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Mediterranean Diet, Cognitive Function, and Dementia: A Systematic Review

Lourida, Ilianna; Soni, Maya; Thompson-Coon, Joanna; Purandare, Nitin; Lang, Iain A.; Ukoumunne, Obioha C.; Llewellyn, David J.

doi: 10.1097/EDE.0b013e3182944410

Background: Adherence to a Mediterranean diet has been associated with lower risk of various age-related diseases including dementia. Although narrative reviews have been published, no systematic review has synthesized studies on the association between Mediterranean diet adherence and cognitive function or dementia.

Methods: We conducted a systematic review of 11 electronic databases (including Medline) of published articles up to January 2012. Reference lists, selected journal contents, and relevant websites were also searched. Study selection, data extraction, and quality assessment were performed independently by two reviewers using predefined criteria. Studies were included if they examined the association between a Mediterranean diet adherence score and cognitive function or dementia.

Results: Twelve eligible papers (11 observational studies and one randomized controlled trial) were identified, describing seven unique cohorts. Despite methodological heterogeneity and limited statistical power in some studies, there was a reasonably consistent pattern of associations. Higher adherence to Mediterranean diet was associated with better cognitive function, lower rates of cognitive decline, and reduced risk of Alzheimer disease in nine out of 12 studies, whereas results for mild cognitive impairment were inconsistent.

Conclusions: Published studies suggest that greater adherence to Mediterranean diet is associated with slower cognitive decline and lower risk of developing Alzheimer disease. Further studies would be useful to clarify the association with mild cognitive impairment and vascular dementia. Long-term randomized controlled trials promoting a Mediterranean diet may help establish whether improved adherence helps to prevent or delay the onset of Alzheimer disease and dementia.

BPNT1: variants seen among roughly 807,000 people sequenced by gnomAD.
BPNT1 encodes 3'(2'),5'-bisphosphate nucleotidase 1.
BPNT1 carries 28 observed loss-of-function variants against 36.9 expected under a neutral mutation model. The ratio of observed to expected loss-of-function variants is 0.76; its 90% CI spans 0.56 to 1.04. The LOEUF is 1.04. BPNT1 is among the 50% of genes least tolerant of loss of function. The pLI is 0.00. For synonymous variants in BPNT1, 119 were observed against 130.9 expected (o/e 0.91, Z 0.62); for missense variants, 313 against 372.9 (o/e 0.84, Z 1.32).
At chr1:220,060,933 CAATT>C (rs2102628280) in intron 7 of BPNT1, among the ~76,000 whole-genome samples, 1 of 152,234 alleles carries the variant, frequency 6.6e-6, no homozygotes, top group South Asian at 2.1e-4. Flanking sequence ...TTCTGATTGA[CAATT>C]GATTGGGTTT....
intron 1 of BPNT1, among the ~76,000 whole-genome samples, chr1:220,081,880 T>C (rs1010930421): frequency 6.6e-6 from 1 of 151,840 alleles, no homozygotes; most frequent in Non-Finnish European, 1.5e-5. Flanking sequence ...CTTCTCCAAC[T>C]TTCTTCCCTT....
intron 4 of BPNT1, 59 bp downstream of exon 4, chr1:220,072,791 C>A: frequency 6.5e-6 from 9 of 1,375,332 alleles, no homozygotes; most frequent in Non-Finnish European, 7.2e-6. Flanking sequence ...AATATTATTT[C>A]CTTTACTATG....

Supplemental Digital Content is available in the text.

From the aPeninsula Collaboration for Leadership in Applied Health Research and Care, University of Exeter Medical School, Exeter, United Kingdom; bUniversity of Exeter Medical School, Exeter, United Kingdom; and cPublic Health Directorate, NHS Devon, Exeter, United Kingdom.

† Deceased.

The views expressed in this publication are those of the author(s) and not necessarily those of the NHS, the NIHR, or the Department of Health.

D.J.L. is funded by the Alzheimer’s Association (NIRG-11-200737), the Norman Family Charitable Trust, the Peninsula Medical School Foundation, and the Age Related Diseases and Health Trust.

The authors report no conflicts of interest.

Supplemental digital content is available through direct URL citations in the HTML and PDF versions of this article ( This content is not peer-reviewed or copy-edited; it is the sole responsibility of the author.

Editors’ note: Related articles appear on pages 490, 500, and 503.

Correspondence: David J. Llewellyn, University of Exeter Medical School, Salmon Pool Lane, Exeter, Devon, EX2 4SG, United Kingdom. E-mail:

Received August 30, 2012

Accepted November 27, 2012

Copyright © 2013 Wolters Kluwer Health, Inc. All rights reserved.